Senior Apple Executive Details How the Company Carried out Its Apple Silicon Transition During COVID-19

BY Chandraveer Mathur

Published 18 Apr 2022

Johny Srouji

Apple recently unveiled the M1 Ultra chip, marking two years since it began a transition from Intel products to its proprietary silicon. A recent report explains how it was possible under Johny Srouji’s leadership. The company is now said to be working on its next-generation M2 chips that would continue the lineage and power at least nine different Macs.

A new report from The Wall Street Journal chronicles how the iPhone maker weathered the silicon shortage storm by transitioning to the M1 chip designed by its semiconductor division under the leadership of Hardware Technologies SVP Johny Srouji. The executive brought years of experience accrued at reputed firms such as Intel Corp. and IBM.

The report explains that Apple’s teams of engineers working on Apple silicon for the iPhone and iPad were limited by the constraints of a battery-powered device. The company’s designs enabled integration with hardware so the designers could accomplish the goals they set out to achieve.

In 2017, Apple reportedly offered an uncharacteristic apology for the dismal performance of its Macs. This was a turning point for the company because of continued complaints stemming from the use of Intel chips. So, the Cupertino company decided to transition to its own silicon.

Srouji told the publication that the change sparked debate within Apple since computer hardware makers usually don’t design critical components like processors in-house. He added that the transition was challenging because the company’s semiconductor division was tasked with creating a chip that would suit all Macs ranging from the cheapest to the costliest option.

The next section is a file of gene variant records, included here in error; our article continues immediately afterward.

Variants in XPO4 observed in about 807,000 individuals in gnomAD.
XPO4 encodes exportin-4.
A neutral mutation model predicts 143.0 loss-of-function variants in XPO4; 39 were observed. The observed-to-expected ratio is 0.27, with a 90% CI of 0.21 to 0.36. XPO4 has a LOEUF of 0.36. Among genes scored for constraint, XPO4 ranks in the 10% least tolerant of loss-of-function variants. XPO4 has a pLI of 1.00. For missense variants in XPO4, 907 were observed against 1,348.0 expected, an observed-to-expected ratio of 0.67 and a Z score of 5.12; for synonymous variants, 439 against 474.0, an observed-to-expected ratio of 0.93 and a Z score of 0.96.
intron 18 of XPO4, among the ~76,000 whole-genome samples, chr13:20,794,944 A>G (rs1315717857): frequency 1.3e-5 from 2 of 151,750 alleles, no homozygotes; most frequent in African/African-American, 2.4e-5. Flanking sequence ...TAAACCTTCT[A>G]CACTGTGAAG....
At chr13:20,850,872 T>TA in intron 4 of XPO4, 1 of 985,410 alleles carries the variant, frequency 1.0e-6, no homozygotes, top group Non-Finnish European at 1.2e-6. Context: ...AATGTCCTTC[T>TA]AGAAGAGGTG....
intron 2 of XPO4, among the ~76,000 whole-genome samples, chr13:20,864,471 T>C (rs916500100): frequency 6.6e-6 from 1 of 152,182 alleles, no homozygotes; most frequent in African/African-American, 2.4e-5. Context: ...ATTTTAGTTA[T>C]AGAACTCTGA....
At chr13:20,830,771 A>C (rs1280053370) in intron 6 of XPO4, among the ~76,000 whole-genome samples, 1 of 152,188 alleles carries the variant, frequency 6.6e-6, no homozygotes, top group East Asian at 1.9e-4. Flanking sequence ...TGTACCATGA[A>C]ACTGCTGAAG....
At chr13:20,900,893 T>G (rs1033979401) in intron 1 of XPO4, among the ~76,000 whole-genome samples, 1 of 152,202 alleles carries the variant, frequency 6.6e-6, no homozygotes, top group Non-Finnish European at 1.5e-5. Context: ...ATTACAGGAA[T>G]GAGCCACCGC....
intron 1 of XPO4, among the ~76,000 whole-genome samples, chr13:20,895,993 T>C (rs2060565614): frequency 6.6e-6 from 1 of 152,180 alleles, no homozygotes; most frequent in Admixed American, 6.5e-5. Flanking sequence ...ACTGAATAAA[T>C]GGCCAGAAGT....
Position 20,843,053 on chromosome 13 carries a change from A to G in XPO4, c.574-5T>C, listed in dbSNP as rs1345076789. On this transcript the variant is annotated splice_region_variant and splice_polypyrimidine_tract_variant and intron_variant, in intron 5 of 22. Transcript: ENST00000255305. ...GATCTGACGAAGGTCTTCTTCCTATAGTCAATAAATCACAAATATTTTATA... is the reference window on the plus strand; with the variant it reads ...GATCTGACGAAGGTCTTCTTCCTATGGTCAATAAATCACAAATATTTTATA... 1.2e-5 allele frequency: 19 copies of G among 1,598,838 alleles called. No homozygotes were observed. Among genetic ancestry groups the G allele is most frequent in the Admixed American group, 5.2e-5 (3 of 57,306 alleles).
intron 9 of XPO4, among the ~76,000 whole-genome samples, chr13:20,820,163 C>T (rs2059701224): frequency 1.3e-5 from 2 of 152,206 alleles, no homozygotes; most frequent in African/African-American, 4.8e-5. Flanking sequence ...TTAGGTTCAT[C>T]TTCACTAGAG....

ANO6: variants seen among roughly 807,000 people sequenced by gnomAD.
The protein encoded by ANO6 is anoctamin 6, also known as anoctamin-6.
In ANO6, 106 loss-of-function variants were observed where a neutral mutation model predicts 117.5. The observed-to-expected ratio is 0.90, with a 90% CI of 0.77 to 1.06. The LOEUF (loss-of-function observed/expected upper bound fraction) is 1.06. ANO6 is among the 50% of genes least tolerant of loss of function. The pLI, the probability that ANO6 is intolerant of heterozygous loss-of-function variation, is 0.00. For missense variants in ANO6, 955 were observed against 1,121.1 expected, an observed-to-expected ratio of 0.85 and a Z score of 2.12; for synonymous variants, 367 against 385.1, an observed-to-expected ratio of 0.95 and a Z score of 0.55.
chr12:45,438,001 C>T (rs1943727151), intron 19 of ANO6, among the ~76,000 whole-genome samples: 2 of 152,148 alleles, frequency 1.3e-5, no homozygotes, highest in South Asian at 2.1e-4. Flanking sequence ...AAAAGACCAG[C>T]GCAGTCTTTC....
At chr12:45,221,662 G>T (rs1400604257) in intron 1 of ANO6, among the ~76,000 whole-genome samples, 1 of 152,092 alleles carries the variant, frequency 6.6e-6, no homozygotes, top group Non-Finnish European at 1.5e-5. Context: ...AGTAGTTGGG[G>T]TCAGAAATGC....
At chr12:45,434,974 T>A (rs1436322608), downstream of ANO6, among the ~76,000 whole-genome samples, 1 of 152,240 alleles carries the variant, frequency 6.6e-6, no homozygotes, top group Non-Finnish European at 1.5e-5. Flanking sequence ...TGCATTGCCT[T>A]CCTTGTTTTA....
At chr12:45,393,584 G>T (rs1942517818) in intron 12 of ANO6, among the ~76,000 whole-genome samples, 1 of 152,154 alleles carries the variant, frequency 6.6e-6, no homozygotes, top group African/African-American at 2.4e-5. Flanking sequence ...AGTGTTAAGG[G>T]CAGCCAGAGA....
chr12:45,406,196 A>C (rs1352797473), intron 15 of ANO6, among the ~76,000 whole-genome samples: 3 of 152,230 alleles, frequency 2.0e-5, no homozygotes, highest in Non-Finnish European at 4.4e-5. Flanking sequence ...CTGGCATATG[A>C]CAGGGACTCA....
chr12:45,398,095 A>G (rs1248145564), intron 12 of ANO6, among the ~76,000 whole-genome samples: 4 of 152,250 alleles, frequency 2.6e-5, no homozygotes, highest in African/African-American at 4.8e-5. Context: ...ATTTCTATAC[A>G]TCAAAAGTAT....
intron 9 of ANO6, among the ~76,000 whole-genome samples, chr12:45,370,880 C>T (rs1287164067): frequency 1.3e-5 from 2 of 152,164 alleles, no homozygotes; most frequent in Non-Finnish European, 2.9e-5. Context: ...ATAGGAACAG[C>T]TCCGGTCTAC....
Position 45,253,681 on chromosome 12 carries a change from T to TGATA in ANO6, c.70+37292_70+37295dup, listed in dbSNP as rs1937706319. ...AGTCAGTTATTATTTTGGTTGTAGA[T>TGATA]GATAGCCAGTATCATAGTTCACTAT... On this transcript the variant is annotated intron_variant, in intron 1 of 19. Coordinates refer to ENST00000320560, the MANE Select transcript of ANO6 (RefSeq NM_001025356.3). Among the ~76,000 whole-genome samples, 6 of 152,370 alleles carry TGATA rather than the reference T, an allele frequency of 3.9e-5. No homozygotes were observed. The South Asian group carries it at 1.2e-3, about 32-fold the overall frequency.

According to Srouji, at the time, “Apple is not a chip company.” The bigger question to answer was if the company would be able to “deliver better products” after the transition. Moreover, it was not a project that would start and finish in a short period. It was a years-long undertaking for Apple, and the company’s chip design would need to evolve and improve over time. Srouji reportedly took his life’s learnings and explained that Apple had to be flexible enough to sail through the COVID-19 pandemic.

“What I learned in life: You think through all of the things you can control and then you have to be flexible and adaptive and strong enough to navigate when things don’t go to plan. Covid was one for example.”

WSJ reports that Srouji’s team had to develop a new testing methodology on the fly due to the onset of the pandemic. The pandemic “threatened to derail years of prep” ahead of the M1 chip’s debut. Apple’s reworked testing process took remote testing to the next level.

“The team set up cameras throughout the labs so engineers could inspect the chips remotely, people familiar with the work said. It was the kind of change that would have once been hard to imagine from Apple, where secrecy and control are paramount.

In part, the operation was able to pivot so seamlessly because Mr. Srouji’s team is spread out around the globe, already accustomed to conducting business through video calls and working across time zones as they coordinated work in far-flung locations such as San Diego and Munich, Germany.”

Subsequently, Apple unveiled the first batch of Macs — the M1 MacBook Air, Mac Mini, and MacBook Pro — powered by the M1 chip. All the models received praise and accolades due to the tight vertical integration Apple was able to achieve in these models.

Apple then followed up with more powerful iterations of the M1 chip, answering Srouji’s earlier question with the M1 Pro and M1 Max chips for the MacBook Pro. The chips continued to enjoy the success of the original M1. Its latest Mac Studio is powered by the most potent M1 chip yet — the M1 Ultra.

What do you think of the Mac maker’s remarkable journey transitioning from Intel chips to Apple silicon without missteps and failures? Do you think the success will continue with the upcoming M2 chips?

[Via The Wall Street Journal]